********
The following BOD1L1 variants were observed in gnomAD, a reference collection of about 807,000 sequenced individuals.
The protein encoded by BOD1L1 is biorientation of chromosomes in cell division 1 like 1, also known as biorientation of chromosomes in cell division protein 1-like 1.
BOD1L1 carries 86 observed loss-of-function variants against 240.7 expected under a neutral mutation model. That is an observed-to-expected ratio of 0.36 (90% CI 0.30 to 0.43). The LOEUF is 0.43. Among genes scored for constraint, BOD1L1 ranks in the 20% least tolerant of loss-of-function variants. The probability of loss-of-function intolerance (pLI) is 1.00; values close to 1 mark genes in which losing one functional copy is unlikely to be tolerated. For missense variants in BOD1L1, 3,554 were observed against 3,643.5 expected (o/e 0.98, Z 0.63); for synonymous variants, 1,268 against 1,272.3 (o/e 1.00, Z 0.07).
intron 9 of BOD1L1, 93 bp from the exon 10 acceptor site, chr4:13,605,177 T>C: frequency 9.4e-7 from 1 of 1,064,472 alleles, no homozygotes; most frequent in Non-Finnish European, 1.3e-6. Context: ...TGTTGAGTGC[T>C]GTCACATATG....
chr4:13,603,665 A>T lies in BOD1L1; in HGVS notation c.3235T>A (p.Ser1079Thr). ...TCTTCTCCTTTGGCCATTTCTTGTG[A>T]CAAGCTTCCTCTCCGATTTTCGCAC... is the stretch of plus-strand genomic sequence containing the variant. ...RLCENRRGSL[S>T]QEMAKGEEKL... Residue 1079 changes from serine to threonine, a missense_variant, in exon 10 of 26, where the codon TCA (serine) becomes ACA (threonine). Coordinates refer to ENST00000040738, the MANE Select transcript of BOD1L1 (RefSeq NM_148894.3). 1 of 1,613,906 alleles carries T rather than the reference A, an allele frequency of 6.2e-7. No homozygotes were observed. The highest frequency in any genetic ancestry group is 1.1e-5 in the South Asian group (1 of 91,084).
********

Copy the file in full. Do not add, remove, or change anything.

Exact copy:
The following BOD1L1 variants were observed in gnomAD, a reference collection of about 807,000 sequenced individuals.
The protein encoded by BOD1L1 is biorientation of chromosomes in cell division 1 like 1, also known as biorientation of chromosomes in cell division protein 1-like 1.
BOD1L1 carries 86 observed loss-of-function variants against 240.7 expected under a neutral mutation model. That is an observed-to-expected ratio of 0.36 (90% CI 0.30 to 0.43). The LOEUF is 0.43. Among genes scored for constraint, BOD1L1 ranks in the 20% least tolerant of loss-of-function variants. The probability of loss-of-function intolerance (pLI) is 1.00; values close to 1 mark genes in which losing one functional copy is unlikely to be tolerated. For missense variants in BOD1L1, 3,554 were observed against 3,643.5 expected (o/e 0.98, Z 0.63); for synonymous variants, 1,268 against 1,272.3 (o/e 1.00, Z 0.07).
intron 9 of BOD1L1, 93 bp from the exon 10 acceptor site, chr4:13,605,177 T>C: frequency 9.4e-7 from 1 of 1,064,472 alleles, no homozygotes; most frequent in Non-Finnish European, 1.3e-6. Context: ...TGTTGAGTGC[T>C]GTCACATATG....
chr4:13,603,665 A>T lies in BOD1L1; in HGVS notation c.3235T>A (p.Ser1079Thr). ...TCTTCTCCTTTGGCCATTTCTTGTG[A>T]CAAGCTTCCTCTCCGATTTTCGCAC... is the stretch of plus-strand genomic sequence containing the variant. ...RLCENRRGSL[S>T]QEMAKGEEKL... Residue 1079 changes from serine to threonine, a missense_variant, in exon 10 of 26, where the codon TCA (serine) becomes ACA (threonine). Coordinates refer to ENST00000040738, the MANE Select transcript of BOD1L1 (RefSeq NM_148894.3). 1 of 1,613,906 alleles carries T rather than the reference A, an allele frequency of 6.2e-7. No homozygotes were observed. The highest frequency in any genetic ancestry group is 1.1e-5 in the South Asian group (1 of 91,084).